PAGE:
United States Stravinsky, Mendelssohn, and Mozart: HJ Lim (piano), Seattle Symphony, Jun Märkl (conductor), Benaroya Hall, Seattle, 10.1.2013 (BJ)
The eyes may well be the most important tool of a conductor’s trade, but a crisp beat and an expressive left hand are also assets of no small value. Jun Märkl possesses both attributes, and they helped him to secure a thoroughly enjoyable performance by the Seattle Symphony of Stravinsky’s Pulcinella Suite. The orchestra responded with lively string playing, spicy woodwind textures (with lovely oboe solos by Ben Hausmann), and some witty sallies by Stephen Fissel on trombone and by guest trumpeter Tony DiLorenzo. The horns, on the other hand, offered some strangely strangulated tone: what became in recent weeks of the confidence that was distinguishing Mark Holland’s playing earlier in the season?
Considering that Mendelssohn wrote a perfectly respectable Second Piano Concerto, I thought it a shade tendentious of program annotator Paul Schiavo to assert that the Concerto No. 1, next on the program, was the only important work the composer left in this form. It is, however, not a piece you can make a major personal statement with—either you can play it or you can’t. The rising young Korean pianist HJ Lim certainly can, so far as scampering about the keyboard is concerned, though a certain waywardness of rhythm made it hard for the orchestra to stay with her in the fast movements. Märkl stuck manfully to his task, but not all the ensemble problems were convincingly solved.
Far the best part of the performance was a rapt reading of the slow movement, largely a dialogue between the piano and the lower strings, with divided cellos at times playing above the violas. Very beautifully they played, too, principal cellist Efe Baltacigil leading his section eloquently, and here Lim also drew fresh and charming lyricism from her solo lines.
The encore she gave was perhaps not the best possible choice. At this stage in her young career, she may well feel that dazzlement is her strong suit. Her arrangement of a Korean folk-song certainly dazzled, and the audience roared its approval; for myself, though, I should have been happier, after Mendelssohn’s relentlessly clattery fast movements, to have been cosseted with something a little more reposeful.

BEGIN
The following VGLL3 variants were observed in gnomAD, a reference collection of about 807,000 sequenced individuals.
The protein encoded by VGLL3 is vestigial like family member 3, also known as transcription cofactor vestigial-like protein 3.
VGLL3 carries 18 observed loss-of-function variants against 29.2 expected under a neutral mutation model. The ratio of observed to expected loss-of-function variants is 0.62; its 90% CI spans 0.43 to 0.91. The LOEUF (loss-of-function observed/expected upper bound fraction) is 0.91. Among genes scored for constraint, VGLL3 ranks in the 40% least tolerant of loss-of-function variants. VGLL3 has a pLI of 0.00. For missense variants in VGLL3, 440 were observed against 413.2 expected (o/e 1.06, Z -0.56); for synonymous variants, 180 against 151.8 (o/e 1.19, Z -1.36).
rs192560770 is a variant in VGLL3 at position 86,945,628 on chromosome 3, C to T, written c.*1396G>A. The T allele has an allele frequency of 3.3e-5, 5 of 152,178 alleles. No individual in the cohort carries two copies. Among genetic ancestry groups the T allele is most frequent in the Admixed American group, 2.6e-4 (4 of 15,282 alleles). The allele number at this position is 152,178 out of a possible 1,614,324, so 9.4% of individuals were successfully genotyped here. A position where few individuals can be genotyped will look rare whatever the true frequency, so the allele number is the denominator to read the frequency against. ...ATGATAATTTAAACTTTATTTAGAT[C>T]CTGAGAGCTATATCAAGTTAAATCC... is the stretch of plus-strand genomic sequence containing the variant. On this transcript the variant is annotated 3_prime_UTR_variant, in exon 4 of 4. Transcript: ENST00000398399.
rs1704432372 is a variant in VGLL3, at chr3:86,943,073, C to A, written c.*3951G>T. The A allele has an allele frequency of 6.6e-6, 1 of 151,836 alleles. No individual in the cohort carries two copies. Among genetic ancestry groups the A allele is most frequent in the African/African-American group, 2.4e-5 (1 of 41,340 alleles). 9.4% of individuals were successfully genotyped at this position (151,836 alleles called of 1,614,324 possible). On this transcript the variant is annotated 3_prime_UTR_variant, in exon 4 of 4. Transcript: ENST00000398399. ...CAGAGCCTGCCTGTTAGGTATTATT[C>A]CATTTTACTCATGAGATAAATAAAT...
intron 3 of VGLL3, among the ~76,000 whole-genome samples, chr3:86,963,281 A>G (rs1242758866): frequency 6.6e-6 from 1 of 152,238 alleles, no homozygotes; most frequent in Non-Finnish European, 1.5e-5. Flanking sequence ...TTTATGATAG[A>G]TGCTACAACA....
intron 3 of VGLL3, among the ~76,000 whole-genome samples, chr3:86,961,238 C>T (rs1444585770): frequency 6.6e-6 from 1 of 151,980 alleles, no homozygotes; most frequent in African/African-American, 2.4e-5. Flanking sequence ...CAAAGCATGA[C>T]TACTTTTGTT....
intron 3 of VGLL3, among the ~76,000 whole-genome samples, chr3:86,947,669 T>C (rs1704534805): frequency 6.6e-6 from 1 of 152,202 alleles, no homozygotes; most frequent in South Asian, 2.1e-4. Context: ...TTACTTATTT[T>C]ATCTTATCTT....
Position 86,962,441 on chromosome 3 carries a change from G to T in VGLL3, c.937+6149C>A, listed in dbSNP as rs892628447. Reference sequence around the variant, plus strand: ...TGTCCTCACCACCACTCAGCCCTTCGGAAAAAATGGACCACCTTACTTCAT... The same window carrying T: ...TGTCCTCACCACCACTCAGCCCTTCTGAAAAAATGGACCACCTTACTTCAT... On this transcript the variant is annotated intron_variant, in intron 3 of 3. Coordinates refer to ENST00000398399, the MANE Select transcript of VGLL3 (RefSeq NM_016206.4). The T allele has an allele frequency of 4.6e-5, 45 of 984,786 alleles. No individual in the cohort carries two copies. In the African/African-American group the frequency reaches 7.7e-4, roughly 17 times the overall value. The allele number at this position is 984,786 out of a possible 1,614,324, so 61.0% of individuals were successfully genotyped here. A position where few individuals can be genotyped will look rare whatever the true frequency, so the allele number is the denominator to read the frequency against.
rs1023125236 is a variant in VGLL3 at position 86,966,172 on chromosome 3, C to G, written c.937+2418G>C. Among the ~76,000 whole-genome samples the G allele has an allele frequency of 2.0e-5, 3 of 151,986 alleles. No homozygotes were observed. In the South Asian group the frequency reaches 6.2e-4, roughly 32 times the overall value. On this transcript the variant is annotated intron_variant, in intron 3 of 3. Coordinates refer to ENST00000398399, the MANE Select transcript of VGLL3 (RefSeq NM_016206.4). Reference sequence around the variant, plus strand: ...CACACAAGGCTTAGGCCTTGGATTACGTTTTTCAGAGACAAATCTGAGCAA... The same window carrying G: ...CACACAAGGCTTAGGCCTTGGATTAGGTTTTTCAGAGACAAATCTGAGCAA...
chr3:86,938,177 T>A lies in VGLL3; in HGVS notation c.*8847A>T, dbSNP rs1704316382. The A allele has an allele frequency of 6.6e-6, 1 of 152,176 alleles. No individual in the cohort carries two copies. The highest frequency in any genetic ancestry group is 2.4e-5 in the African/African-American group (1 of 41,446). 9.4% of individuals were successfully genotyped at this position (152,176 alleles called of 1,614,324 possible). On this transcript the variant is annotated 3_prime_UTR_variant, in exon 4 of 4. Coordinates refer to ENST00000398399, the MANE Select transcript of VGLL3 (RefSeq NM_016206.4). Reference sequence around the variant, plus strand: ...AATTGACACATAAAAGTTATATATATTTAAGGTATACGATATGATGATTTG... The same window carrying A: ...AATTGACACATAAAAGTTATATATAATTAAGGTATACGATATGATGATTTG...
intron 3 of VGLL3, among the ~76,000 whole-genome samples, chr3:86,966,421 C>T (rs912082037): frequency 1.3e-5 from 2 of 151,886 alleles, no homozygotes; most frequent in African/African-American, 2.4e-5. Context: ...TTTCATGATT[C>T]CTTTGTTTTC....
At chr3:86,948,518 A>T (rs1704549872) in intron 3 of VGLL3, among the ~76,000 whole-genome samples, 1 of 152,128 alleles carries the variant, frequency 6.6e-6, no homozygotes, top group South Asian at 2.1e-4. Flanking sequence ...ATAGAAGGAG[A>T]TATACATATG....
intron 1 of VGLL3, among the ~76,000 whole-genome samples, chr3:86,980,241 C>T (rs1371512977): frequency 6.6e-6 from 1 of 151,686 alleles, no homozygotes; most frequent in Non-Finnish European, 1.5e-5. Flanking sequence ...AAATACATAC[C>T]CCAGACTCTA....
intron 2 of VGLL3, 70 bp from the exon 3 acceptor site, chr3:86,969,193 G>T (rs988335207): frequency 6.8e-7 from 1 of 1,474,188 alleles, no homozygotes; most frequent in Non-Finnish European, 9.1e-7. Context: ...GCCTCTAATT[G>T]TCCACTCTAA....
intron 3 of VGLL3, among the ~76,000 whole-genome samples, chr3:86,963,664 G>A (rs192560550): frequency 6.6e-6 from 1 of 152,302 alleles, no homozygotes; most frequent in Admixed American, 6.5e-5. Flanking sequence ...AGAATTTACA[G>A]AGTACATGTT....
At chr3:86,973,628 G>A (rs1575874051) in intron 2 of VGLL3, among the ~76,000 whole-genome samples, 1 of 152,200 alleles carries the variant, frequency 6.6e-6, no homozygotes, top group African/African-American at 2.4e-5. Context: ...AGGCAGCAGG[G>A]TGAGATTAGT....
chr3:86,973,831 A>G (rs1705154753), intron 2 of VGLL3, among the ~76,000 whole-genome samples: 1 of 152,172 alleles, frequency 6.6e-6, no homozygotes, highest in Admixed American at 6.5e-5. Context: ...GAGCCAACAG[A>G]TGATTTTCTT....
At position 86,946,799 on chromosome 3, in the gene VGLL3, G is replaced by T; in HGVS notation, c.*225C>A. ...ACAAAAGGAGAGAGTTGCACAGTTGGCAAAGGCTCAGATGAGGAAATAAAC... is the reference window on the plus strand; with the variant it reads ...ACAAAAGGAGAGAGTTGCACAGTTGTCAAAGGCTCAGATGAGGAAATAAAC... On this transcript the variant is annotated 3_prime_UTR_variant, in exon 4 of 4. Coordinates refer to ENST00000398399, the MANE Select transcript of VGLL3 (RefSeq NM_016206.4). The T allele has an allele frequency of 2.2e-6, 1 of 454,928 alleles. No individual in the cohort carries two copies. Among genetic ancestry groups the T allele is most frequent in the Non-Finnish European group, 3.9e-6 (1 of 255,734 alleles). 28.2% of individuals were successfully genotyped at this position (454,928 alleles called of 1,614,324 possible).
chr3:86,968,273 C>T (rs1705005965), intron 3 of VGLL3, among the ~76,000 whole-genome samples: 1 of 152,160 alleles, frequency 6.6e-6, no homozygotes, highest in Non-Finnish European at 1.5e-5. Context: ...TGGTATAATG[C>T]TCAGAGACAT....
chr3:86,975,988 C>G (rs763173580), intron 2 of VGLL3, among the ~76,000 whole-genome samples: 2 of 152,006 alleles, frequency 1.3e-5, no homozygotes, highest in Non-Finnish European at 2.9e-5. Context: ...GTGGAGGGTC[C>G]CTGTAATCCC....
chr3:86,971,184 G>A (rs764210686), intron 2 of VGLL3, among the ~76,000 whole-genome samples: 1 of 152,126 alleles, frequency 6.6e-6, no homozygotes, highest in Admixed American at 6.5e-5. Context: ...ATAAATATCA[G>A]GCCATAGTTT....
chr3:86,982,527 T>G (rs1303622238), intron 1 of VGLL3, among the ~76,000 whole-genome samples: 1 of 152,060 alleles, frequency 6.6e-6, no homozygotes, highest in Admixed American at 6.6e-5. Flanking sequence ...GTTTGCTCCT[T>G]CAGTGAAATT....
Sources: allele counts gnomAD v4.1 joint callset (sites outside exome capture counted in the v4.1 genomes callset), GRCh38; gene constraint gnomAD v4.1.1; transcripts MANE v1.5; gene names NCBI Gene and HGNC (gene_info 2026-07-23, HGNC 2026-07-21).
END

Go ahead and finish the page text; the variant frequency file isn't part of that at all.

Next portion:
After intermission came the evening’s greatest music, Mozart’s Symphony No. 39 in E-flat major, in a performance that was a curious mixture of the stylish and the decidedly not. The horns, with Jonathan Karschney this time taking the first chair, made a much stronger impression, and indeed I felt that both the horns and the trumpets in the symphony were at times allowed to dominate the ensemble too strongly. (Critics, you see, are never satisfied, but that’s not their job, which is rather to be always asking, like Oliver Twist, for more, please.)
Whereas the slow movement was romanticized, with all manner of soulful swells and ebbs on each phrase of its main theme, the minuet, by contrast, was taken at a stylishly fast clip, one lively beat to the bar. Märkl slowed down substantially, now beating three, for the trio section; this was surely appreciated by guest clarinetist Sean Osborne, who phrased his melting solo gracefully, and would certainly have had a hard time getting through it at the main minuet tempo.
In view of that tempo, and given that this was far from being a long program, it was a pity the conductor chose to omit the repeats in the da capo of the minuet. He also disregarded the more crucial repeat of the second half of the finale, thus depriving us of one of Mozart’s most strikingly abrupt and dramatic transitions. I once heard Colin Davis bring to this finale a wonderful forward impulse, evoking the feeling that everything might at any moment fall apart, yet it never did. Märkl’s more conventional reading of the movement lacked that delicious spice of danger, but it was full of zest and infectious good humor.
A shorter version of this review appeared in the Seattle Times.